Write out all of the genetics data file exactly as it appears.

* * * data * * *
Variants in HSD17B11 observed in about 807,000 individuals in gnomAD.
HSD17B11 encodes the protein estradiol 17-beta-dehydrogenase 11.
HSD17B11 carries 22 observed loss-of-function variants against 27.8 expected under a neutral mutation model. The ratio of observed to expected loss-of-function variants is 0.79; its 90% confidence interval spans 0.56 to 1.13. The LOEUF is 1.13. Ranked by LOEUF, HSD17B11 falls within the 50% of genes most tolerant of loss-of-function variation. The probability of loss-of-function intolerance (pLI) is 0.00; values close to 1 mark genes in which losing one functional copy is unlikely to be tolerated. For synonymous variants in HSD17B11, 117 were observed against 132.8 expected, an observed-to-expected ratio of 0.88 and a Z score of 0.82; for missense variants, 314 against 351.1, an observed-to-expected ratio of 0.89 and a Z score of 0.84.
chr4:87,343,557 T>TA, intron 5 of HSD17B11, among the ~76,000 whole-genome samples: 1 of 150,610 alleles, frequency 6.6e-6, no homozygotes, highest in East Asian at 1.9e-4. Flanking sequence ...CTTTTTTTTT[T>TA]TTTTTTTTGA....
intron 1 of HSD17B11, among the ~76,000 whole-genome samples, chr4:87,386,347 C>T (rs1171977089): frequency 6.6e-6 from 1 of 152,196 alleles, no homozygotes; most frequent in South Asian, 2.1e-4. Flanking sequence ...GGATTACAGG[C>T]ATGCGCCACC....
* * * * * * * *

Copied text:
Variants in HSD17B11 observed in about 807,000 individuals in gnomAD.
HSD17B11 encodes the protein estradiol 17-beta-dehydrogenase 11.
HSD17B11 carries 22 observed loss-of-function variants against 27.8 expected under a neutral mutation model. The ratio of observed to expected loss-of-function variants is 0.79; its 90% confidence interval spans 0.56 to 1.13. The LOEUF is 1.13. Ranked by LOEUF, HSD17B11 falls within the 50% of genes most tolerant of loss-of-function variation. The probability of loss-of-function intolerance (pLI) is 0.00; values close to 1 mark genes in which losing one functional copy is unlikely to be tolerated. For synonymous variants in HSD17B11, 117 were observed against 132.8 expected, an observed-to-expected ratio of 0.88 and a Z score of 0.82; for missense variants, 314 against 351.1, an observed-to-expected ratio of 0.89 and a Z score of 0.84.
chr4:87,343,557 T>TA, intron 5 of HSD17B11, among the ~76,000 whole-genome samples: 1 of 150,610 alleles, frequency 6.6e-6, no homozygotes, highest in East Asian at 1.9e-4. Flanking sequence ...CTTTTTTTTT[T>TA]TTTTTTTTGA....
intron 1 of HSD17B11, among the ~76,000 whole-genome samples, chr4:87,386,347 C>T (rs1171977089): frequency 6.6e-6 from 1 of 152,196 alleles, no homozygotes; most frequent in South Asian, 2.1e-4. Flanking sequence ...GGATTACAGG[C>T]ATGCGCCACC....